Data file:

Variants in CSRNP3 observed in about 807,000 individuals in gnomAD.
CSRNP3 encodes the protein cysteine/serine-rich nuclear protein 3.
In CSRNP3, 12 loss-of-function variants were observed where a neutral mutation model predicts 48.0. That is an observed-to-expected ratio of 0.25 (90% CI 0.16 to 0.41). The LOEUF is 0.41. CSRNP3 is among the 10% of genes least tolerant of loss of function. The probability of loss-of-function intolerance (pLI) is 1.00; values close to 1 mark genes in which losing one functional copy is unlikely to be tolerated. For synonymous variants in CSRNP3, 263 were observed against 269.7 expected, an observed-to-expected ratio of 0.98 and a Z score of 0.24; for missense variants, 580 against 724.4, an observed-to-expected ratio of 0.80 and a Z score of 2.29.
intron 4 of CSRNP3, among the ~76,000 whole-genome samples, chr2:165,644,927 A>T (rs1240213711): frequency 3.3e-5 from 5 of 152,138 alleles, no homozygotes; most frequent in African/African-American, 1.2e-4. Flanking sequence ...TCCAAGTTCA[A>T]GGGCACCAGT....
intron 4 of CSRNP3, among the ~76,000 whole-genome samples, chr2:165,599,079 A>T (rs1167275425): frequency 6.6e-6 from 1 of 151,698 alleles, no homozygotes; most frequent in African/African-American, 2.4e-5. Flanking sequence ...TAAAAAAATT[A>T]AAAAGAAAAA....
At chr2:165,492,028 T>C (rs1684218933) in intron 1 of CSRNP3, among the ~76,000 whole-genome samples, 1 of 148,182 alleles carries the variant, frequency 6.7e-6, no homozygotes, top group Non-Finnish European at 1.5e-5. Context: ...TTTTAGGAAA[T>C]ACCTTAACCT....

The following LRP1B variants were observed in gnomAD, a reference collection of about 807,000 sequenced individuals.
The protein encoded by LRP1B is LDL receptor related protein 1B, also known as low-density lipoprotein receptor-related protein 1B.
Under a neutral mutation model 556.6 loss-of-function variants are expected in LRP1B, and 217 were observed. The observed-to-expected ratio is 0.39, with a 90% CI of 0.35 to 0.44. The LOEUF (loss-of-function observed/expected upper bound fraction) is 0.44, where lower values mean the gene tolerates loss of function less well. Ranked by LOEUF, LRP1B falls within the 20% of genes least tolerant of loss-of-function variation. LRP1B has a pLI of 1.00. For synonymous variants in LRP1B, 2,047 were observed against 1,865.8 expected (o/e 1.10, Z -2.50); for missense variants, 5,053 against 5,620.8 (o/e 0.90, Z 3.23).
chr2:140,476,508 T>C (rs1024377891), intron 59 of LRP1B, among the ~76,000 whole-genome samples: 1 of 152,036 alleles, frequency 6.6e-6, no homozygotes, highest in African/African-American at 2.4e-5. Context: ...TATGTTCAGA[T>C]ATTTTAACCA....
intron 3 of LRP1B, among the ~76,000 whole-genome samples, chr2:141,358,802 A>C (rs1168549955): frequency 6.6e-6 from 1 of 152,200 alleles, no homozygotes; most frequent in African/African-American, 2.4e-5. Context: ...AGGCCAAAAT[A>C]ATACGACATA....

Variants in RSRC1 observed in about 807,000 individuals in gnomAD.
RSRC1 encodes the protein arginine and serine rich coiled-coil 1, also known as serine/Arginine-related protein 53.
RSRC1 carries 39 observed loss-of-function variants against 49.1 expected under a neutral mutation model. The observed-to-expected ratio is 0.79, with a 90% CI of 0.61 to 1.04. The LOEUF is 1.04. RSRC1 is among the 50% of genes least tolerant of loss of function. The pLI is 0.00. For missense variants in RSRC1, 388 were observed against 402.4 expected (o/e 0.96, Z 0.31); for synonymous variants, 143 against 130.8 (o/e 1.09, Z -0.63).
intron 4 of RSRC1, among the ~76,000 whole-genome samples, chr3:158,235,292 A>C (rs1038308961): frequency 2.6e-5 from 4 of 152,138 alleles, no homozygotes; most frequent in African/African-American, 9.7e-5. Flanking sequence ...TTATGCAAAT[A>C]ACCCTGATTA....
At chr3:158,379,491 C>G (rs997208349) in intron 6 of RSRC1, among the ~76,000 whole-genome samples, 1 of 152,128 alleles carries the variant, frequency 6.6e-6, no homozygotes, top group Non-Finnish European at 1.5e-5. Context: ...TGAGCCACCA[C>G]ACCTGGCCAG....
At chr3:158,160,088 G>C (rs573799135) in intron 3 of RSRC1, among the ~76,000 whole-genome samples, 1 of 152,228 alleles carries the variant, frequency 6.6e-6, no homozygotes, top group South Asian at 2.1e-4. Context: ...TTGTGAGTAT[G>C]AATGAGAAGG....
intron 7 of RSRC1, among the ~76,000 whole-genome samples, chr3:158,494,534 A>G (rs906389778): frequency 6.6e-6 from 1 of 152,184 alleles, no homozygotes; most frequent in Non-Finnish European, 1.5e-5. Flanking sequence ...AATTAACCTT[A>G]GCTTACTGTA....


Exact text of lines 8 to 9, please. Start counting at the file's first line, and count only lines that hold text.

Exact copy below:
The protein encoded by LRP1B is LDL receptor related protein 1B, also known as low-density lipoprotein receptor-related protein 1B.
Under a neutral mutation model 556.6 loss-of-function variants are expected in LRP1B, and 217 were observed. The observed-to-expected ratio is 0.39, with a 90% CI of 0.35 to 0.44. The LOEUF (loss-of-function observed/expected upper bound fraction) is 0.44, where lower values mean the gene tolerates loss of function less well. Ranked by LOEUF, LRP1B falls within the 20% of genes least tolerant of loss-of-function variation. LRP1B has a pLI of 1.00. For synonymous variants in LRP1B, 2,047 were observed against 1,865.8 expected (o/e 1.10, Z -2.50); for missense variants, 5,053 against 5,620.8 (o/e 0.90, Z 3.23).